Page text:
The pros and cons of green electricity
- Green electricity is produced from renewable raw materials such as wood, crops, waste material from agriculture or forestry or even without using any material resources when based on wind, solar or geothermal energy.
- As opposed to the combustion of fossil fuels, the generation of green electricity is CO2 neutral. Green electricity generation thus has an important role to play in achieving the targets set by climate policies and agreements (Kyoto Protocol).
- Green electricity contributes substantially to the long-term goal of energy policy, i.e. sustainably increasing the share of renewable energies in total energy consumption.
- The generation of green electricity reduces the consumption of finite fossil fuels.
- The generation of green electricity diminishes our dependency on energy imports.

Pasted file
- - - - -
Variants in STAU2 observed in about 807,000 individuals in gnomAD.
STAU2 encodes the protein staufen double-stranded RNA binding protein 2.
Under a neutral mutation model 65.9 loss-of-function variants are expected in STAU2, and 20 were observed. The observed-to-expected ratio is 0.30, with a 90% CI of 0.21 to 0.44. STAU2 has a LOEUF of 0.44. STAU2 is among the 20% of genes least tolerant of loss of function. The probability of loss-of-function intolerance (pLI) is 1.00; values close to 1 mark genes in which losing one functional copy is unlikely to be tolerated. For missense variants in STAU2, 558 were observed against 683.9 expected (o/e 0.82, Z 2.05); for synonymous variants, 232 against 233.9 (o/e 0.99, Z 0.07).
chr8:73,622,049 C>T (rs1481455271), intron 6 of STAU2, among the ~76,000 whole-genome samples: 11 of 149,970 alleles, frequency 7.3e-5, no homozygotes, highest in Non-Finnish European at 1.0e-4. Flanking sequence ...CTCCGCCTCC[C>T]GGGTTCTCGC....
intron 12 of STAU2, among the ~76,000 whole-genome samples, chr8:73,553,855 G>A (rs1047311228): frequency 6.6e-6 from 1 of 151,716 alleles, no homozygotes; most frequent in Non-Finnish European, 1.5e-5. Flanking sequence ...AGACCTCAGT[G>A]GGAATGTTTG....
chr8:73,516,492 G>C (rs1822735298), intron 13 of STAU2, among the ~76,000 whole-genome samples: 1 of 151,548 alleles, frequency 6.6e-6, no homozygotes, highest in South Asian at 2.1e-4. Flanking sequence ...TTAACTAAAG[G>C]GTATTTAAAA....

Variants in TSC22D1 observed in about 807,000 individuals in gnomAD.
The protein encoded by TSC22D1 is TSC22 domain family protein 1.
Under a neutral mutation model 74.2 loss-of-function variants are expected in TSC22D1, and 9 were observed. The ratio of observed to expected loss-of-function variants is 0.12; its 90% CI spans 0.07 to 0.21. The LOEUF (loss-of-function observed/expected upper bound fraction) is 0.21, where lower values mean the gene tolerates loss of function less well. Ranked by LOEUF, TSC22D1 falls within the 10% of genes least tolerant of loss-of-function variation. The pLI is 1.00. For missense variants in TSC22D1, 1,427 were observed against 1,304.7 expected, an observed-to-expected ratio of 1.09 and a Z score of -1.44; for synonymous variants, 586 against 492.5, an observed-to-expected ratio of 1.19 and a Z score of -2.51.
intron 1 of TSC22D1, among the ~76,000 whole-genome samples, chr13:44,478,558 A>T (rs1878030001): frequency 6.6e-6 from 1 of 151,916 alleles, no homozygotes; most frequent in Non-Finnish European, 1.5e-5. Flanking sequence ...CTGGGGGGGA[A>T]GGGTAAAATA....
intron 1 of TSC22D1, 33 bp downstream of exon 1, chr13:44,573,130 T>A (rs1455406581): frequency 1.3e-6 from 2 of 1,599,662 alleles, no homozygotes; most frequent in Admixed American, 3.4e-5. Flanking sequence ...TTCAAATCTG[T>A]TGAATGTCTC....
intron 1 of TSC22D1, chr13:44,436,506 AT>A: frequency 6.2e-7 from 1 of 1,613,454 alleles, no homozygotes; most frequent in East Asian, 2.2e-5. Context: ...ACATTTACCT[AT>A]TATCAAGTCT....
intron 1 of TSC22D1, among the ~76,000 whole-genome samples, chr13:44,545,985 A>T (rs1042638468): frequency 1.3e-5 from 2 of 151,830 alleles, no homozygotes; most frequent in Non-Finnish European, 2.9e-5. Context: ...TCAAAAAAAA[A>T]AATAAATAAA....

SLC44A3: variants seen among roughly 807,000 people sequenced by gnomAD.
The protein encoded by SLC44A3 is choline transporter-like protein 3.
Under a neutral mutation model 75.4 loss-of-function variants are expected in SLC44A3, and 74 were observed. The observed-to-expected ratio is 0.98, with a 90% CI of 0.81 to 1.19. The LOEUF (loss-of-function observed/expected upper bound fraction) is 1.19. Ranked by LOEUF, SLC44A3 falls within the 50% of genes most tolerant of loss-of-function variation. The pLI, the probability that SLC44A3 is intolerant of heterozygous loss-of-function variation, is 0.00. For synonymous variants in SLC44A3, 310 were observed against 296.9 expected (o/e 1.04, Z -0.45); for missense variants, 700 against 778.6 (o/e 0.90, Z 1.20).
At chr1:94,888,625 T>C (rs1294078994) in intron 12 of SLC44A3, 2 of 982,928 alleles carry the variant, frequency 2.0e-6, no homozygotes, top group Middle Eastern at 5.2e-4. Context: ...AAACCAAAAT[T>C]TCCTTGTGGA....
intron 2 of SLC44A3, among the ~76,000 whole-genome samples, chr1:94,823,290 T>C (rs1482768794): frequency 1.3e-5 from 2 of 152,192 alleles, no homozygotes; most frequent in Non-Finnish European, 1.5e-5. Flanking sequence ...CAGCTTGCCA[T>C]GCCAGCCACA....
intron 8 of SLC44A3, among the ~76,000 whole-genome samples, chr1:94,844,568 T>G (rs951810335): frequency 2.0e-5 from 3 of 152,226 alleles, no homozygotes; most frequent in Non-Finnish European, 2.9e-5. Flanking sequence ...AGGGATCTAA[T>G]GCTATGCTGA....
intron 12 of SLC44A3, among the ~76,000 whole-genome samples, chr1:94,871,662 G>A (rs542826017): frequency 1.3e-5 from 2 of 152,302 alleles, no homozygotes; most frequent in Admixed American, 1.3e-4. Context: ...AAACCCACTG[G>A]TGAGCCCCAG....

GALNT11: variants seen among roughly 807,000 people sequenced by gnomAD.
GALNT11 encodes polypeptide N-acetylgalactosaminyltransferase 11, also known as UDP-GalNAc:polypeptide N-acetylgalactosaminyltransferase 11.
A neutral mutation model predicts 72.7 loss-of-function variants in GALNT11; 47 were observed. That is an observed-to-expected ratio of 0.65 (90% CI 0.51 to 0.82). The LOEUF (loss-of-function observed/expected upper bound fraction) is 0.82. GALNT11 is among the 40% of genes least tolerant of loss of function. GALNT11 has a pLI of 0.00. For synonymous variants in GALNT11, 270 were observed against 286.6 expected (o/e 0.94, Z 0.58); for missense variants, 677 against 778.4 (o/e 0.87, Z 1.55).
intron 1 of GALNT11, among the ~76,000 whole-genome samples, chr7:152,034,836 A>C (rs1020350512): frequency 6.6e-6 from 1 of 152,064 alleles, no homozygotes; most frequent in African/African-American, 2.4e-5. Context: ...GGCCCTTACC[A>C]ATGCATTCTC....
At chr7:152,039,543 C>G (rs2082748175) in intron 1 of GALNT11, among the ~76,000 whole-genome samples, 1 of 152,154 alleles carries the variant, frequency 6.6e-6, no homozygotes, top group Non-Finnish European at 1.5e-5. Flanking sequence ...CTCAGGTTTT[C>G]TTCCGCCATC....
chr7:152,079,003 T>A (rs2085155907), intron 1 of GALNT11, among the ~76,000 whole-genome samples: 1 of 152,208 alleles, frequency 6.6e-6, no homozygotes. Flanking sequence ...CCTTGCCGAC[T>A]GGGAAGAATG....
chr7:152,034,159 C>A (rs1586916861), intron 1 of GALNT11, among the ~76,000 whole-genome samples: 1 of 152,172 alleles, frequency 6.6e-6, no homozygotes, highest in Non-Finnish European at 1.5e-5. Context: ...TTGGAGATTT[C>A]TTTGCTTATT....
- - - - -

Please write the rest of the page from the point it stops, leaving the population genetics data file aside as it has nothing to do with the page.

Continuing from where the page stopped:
- Often, the construction of green electricity plants boosts regional economic development.
- Most of the electricity produced in green electricity plants continues to be considerably more expensive than electricity generated in conventional plants and must thus be subsidised.
- Some technologies for green electricity generation, especially wind power, are highly dependent on the weather and climate conditions.
- Raw materials such as biomass are agricultural products and are also not infinitely available. What's more, they depend on the markets for raw materials, which are known for strong price variations. Moreover, the use of plants for energy production sometimes rivals with the use of the same crops for human and animal nutrition and is thus challenged in an ethical and moral debate.
- The construction of some green electricity plants, e.g. hydropower plants, has a lasting impact on the environment.